Osuna Ranch rider is Grand Champion at National Horse Show

Caroline Ingalls and her horse, Concerto
Caroline Ingalls and her horse, Concerto, were named Grand Champions of the entire Amateur-Owner Hunter division at the National Horse Show.
(Shawn McMillen Photography)

Rancho Santa Fe native Caroline Ingalls and her horse, Concerto, were named Grand Champions of the entire amateur-owner hunter division at the recent National Horse Show held at the Kentucky Horse Park in Lexington, Ky. The oldest indoor horse show in America brings together some of the country’s top hunter riders and their horses.

Ingalls was also champion in her age group of the division, amateur-owner hunter ages 18-35. Ingalls and Concerto were following up on a 2019 National Horse Show amateur-owner championship and perhaps only the pandemic year prevented a three-peat.

Caroline Ingalls and Concerto.
(Shawn McMillan Photography)

“It was definitely his biggest win and my biggest win as well,” Ingalls said.

Ingalls, 29, has been riding in Rancho Santa Fe since she was 8 years old, starting at the Rancho Riding Club. She moved to the Osuna Ranch at age 16, training at Hap Hansen Stables.

Concerto, who was born in Germany, is her 10-year-old Westphalian Warmblood. Ingalls has had him since 2016 and he has been training and competing with her ever since.

“He’s been doing great, he’s just been continuing to get better,” Ingalls said of her sweet yet competitive horse. “He completely rises to the occasions in the big horse shows.”

Throughout the year she has been competing with Concerto in California in the local circuit. This last month has been a busy one as she was back east for three weeks to compete, first in Harrisburg, Penn., and then on to Lexington.

The prestigious National Horse Show was held for decades at Madison Square Garden, always on the first weekend of November. The competition has special meaning in Ingalls’ family as her mother Kate Williams competed in the New York City show and won in saddle seat.

The show is now held at Alltech Arena of the Kentucky Horse Park, the headquarters of the US Equestrian Federation, a huge indoor stadium with hunter fences built high and beautifully adorned with flowers and foliage. The arena had multiple screens, the competition was live-streamed out all over the world and there was lots of media in attendance. “It’s a much different environment than what we competed in throughout the year,” said Ingalls of venues that were smaller and outdoors.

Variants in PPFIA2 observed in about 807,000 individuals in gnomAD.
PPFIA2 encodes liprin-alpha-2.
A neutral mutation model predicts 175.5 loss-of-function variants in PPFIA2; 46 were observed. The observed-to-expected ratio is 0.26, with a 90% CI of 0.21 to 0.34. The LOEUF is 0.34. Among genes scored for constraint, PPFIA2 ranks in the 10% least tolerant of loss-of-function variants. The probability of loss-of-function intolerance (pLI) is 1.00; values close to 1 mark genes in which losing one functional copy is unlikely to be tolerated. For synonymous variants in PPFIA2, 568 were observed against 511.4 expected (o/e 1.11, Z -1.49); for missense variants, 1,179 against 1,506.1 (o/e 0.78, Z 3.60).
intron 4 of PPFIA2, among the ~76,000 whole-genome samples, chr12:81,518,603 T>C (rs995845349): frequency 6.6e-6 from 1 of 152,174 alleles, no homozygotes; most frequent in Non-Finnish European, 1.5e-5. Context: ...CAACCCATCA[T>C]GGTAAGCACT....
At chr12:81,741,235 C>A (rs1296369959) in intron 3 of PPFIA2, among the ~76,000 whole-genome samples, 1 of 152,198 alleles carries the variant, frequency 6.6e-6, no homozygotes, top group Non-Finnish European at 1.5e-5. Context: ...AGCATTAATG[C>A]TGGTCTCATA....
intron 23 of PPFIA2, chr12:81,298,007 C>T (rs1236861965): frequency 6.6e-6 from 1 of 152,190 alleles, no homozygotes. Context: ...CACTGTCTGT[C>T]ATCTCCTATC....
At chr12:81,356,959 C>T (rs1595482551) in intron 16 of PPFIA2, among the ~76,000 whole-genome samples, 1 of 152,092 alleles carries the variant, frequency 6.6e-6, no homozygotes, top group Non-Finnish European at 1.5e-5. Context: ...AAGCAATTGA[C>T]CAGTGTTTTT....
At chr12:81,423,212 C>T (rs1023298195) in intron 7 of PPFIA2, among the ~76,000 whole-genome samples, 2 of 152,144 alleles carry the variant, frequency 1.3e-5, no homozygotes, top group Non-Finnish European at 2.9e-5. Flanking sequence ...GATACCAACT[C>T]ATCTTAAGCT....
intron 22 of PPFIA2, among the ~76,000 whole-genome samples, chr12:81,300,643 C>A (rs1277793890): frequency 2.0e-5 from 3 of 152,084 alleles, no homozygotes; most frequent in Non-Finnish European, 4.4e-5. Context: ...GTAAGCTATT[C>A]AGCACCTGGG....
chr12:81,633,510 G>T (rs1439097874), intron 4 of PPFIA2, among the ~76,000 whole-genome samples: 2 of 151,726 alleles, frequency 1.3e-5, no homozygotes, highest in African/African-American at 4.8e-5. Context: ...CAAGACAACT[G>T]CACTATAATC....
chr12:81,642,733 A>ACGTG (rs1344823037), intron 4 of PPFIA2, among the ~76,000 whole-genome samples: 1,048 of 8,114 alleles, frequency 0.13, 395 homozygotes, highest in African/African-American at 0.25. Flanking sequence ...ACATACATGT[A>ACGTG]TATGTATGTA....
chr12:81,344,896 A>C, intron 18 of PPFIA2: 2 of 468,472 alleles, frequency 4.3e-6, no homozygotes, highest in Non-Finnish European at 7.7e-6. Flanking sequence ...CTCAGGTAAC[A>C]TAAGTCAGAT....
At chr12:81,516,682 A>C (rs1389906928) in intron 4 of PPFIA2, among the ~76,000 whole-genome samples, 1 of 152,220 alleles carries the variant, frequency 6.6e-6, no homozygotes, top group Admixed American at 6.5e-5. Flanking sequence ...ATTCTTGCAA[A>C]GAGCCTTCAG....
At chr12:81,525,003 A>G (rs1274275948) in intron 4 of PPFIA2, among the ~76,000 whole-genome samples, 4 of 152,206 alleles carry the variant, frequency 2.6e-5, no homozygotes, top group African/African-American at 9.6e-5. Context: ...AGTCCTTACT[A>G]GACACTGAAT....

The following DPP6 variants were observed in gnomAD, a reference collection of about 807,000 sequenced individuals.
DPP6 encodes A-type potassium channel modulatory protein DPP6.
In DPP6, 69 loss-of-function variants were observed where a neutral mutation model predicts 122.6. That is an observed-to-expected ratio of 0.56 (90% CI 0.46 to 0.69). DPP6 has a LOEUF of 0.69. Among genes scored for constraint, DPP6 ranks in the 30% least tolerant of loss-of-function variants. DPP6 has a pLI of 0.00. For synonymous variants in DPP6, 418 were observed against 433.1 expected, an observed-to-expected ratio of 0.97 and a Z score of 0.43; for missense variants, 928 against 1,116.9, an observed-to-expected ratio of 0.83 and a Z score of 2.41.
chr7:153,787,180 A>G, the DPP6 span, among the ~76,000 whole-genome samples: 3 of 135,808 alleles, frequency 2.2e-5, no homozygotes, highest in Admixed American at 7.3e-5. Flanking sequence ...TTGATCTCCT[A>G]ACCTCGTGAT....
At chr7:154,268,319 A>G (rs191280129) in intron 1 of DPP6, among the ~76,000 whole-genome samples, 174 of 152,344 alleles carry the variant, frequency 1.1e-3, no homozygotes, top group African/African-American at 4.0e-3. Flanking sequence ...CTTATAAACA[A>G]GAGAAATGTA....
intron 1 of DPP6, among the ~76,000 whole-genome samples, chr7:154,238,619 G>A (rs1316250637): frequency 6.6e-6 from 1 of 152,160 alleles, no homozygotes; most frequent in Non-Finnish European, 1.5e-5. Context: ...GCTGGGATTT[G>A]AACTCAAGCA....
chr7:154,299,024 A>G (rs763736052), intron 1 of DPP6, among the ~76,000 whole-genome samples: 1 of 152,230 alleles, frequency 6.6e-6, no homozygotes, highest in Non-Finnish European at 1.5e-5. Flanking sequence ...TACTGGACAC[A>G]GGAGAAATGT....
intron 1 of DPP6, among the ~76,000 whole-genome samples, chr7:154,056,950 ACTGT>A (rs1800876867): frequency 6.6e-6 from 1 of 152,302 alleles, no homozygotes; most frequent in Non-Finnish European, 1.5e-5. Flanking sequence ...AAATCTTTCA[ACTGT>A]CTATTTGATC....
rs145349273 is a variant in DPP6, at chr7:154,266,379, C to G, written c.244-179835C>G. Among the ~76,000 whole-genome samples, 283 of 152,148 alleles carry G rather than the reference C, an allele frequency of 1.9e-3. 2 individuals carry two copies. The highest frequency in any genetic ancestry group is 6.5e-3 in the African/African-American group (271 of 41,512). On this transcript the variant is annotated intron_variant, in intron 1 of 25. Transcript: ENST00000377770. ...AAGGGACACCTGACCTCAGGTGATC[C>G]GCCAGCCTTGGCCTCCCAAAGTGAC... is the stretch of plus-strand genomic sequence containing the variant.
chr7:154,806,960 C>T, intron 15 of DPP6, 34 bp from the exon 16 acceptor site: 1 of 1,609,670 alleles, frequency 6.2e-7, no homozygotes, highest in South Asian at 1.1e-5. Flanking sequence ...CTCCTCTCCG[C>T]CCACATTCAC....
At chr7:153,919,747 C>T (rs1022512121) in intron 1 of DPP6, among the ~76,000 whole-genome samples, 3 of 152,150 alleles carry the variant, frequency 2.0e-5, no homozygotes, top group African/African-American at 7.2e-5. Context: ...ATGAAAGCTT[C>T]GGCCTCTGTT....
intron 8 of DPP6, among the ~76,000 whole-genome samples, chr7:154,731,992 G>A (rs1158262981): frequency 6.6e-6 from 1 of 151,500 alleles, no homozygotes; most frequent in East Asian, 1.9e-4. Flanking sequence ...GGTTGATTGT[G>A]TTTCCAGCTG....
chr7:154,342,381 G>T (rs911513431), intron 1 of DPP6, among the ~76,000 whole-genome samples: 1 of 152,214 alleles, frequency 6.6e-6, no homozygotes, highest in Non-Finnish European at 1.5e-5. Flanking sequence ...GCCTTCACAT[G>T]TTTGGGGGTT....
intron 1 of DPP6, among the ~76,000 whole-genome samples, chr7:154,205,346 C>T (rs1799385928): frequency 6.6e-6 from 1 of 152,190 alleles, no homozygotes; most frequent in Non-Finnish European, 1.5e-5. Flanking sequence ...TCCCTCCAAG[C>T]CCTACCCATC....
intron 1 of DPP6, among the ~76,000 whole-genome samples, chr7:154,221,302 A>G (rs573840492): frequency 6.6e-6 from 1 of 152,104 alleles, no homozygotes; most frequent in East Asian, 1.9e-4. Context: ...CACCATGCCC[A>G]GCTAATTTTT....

Concerto wasn’t nervous but Ingalls was.

“The first day in Kentucky I was feeling nervous and tentative because I had won two years ago and it is a very special horse show to myself and my mom,” she said. Ingalls said she made a really small mistake on that first day and she was sitting in third place on the final day of competition. On that day, she went all in.

“I just went all Michael Jordan mindset,” she said. “I didn’t come all that way to not give it my absolute everything—I gave it everything that I had.”

The very talented and hard-to-beat rider in the lead had a few bobbles on the second day which opened up the door for Ingalls and Concerto.

“I was on my game and it worked out,” she said. “When I was done I was pretty certain it was the best I could do. We scored two 91s, which is really, really high. The rest of the event, nobody came close to that...It was pretty exciting.”

In addition to the Grand Champion and division title, Ingalls also came in third in the $50,000 National Horse Show Hunter Classic —by winning her division, she was invited to compete against professional hunter jumpers. She was thrilled to do a press conference sitting alongside her hunter idols Laena Romond and Patricia Griffith, who had finished first and second.

Ingalls, who completed her master’s degree at the Savannah College of Art and Design in Georgia in 2014, is now working at HBG Design in San Diego, a company she said is very supportive of her equestrian career. During the pandemic, she was riding five to six days a week but now that she is back in the office she is at Osuna Ranch training three days a week.

She lives close by in Carmel Valley and she loves the beautiful setting at the Osuna, with its adobe and long equestrian heritage.

“I’ve been riding with Hap for more than half of my life, we’re definitely all family at this point,” she said of the stables. Concerto is family too and her dream is to own a ranch home for him to retire in the backyard.

Following her big Grand Champion victory, Ingalls came back west and competed in the desert with her new baby horse, a five-year-old Holsteiner named Big Country.

“We made a lot of mistakes and didn’t do very well but we learned a lot!” she said.

In just one week she went from riding high at the top of her division in the whole country, loaded with ribbons, trophies and cash prizes to losing big with Big Country.

“That’s just what is so humbling about riding,” Ingalls said. “You’ve got to make mistakes to get better. The only way I’ve gotten to the top is by making a ton of mistakes and learning from them.”

She is looking forward to what comes next, training and growing with Big Country and, hopefully, continued success with Concerto.